A group of academics have submitted fiscal proposals ahead of the G-20 meeting in LondonLONDON - A group of 16 global economists have prescribed a fiscal policy proposal for the heads of the largest developing and emerging economies before the G-20 nations meet in London on April 2.
The 194-page report, entitled 'Macroeconomic Stability and Financial Regulation: Key Issues for the G20', is published by think tanks the Centre for Economic Policy Research and VOX EU.
The study says the nations need to act quickly and together to restore stability and stimulate economic growth. "As the financial crisis deepens the temptations for each individual country to free-ride increase and the need for co-ordination becomes more evident," says the paper.
The report recommends the elimination of pro-cyclical elements of Basel II constraining banks into lessening lending as the economy slides into recession, by using a multiplier based on macroeconomic conditions.
A centralised clearing counterparty for credit default swaps is also recommended. This is an echo of calls by the European Commission and is another stone thrown against over-the-counter financial products blamed for a lack of transparency and increased counterparty risks.
Another recommendation is for the removal of the 'issuer pays' model for credit rating agencies, which regulators have also widely criticised as a contributor to conflicts of interest in the rating of structured products. Furthermore, the report calls for CRAs to be hardwired into the regulatory system to provide a benchmark for regulators.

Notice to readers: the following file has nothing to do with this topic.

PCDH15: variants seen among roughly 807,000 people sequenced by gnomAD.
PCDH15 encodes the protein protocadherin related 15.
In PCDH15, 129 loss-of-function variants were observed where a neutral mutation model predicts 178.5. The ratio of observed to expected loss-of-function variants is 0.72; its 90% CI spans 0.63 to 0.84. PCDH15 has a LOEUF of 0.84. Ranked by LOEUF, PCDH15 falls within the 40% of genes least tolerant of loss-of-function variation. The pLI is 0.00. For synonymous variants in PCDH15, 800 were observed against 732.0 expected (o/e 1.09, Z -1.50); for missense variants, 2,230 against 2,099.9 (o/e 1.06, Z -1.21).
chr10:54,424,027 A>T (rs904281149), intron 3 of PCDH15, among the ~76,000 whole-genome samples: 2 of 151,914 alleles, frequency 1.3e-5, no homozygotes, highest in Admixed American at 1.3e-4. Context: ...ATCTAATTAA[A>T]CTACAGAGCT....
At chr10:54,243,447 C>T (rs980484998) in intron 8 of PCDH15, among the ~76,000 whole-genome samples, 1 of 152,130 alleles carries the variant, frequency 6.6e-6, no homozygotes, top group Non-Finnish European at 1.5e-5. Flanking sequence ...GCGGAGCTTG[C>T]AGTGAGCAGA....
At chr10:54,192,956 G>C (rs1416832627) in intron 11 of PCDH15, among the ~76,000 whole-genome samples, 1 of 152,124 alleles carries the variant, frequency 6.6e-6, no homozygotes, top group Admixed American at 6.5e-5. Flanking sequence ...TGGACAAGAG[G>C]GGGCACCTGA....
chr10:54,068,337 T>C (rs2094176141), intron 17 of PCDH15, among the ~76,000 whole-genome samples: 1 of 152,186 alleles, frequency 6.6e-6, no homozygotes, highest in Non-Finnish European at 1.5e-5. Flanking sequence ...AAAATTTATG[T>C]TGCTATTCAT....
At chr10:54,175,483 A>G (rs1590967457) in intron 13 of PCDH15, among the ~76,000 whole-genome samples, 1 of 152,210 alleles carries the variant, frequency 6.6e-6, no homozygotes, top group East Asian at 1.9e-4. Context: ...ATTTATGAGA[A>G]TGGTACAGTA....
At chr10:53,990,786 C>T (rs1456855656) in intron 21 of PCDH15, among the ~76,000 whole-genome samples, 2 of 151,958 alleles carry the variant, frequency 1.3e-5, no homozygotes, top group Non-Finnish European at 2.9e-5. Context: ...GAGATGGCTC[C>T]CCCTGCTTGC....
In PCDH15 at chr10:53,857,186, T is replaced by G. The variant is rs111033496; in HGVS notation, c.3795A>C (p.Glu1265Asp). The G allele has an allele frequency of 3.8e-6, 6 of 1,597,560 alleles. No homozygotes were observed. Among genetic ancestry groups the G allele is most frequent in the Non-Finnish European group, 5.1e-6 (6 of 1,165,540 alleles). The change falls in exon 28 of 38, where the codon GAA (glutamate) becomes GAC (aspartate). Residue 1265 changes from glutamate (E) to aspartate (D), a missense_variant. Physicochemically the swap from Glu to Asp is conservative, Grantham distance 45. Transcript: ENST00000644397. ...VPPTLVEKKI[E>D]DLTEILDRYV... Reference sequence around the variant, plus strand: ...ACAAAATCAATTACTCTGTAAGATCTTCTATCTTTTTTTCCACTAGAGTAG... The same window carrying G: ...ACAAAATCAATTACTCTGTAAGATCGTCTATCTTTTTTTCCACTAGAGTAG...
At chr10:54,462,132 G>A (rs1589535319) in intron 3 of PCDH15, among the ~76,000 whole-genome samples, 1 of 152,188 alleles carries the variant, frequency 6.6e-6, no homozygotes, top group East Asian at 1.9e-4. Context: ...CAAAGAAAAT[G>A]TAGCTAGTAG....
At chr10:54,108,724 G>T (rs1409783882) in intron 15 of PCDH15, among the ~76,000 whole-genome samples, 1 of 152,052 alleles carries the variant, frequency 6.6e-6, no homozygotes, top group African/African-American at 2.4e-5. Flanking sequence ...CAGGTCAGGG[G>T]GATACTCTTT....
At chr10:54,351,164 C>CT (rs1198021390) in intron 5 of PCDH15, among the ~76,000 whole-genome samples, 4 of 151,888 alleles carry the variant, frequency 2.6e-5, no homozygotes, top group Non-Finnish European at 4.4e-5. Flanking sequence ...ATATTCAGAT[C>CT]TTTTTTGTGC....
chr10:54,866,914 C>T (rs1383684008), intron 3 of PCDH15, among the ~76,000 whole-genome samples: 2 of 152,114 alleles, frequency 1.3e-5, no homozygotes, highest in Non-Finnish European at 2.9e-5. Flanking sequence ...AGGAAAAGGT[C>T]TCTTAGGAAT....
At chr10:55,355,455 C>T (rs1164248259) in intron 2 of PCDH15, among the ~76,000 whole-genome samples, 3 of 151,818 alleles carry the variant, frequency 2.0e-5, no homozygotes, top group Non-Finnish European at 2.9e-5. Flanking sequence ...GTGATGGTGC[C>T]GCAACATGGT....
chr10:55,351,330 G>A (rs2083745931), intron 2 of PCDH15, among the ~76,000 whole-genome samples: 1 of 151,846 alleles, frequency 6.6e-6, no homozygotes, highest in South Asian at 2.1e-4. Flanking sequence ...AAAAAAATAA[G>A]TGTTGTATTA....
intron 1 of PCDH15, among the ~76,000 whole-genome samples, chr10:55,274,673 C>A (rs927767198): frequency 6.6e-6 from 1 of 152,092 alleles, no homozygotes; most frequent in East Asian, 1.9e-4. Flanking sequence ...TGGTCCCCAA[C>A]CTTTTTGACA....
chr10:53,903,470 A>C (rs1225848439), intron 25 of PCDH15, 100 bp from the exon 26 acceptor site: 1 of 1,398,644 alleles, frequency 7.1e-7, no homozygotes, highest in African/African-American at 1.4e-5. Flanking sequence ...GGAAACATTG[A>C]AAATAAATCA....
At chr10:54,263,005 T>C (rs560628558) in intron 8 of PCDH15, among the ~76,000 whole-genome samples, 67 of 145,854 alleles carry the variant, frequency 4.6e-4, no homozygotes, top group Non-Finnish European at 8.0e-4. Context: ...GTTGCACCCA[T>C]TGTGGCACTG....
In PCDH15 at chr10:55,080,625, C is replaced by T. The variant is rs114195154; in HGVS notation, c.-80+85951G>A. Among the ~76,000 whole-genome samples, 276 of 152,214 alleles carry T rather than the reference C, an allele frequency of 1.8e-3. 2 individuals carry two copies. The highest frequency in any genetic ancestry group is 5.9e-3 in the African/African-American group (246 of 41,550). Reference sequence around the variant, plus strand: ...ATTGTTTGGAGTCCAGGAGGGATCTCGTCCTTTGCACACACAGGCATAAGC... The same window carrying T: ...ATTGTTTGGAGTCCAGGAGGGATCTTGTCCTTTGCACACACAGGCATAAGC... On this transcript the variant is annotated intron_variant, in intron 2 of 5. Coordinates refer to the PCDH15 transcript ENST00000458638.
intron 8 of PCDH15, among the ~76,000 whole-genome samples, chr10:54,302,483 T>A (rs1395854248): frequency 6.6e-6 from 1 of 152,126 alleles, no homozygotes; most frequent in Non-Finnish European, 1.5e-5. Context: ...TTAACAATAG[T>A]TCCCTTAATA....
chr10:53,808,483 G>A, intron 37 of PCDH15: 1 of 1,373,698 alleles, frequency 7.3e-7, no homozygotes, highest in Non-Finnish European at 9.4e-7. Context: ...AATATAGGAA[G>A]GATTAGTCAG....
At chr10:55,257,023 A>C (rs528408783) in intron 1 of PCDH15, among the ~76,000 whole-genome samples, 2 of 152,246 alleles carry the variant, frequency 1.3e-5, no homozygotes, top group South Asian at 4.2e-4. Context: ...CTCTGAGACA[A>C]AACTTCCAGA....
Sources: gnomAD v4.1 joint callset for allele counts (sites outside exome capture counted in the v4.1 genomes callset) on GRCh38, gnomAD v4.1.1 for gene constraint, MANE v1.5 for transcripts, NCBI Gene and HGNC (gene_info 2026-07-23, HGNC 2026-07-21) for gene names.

A harmonised bankruptcy regime is also recommended to give supervisors increased intervention powers over banks before they become technically insolvent. This would be in line with the US system for 'prompt corrective action' in addition to new UK rules contained in the Special Resolution Regime.
The report is the result of a seminar with the G-20 deputies held on January 31 and hosted by the UK Treasury and the Bank of England, in addition to consulting academics and private-sector participants as well as the officials.
The proposal can be downloaded here: http://www.voxeu.org/reports/G20_ebook.pdf
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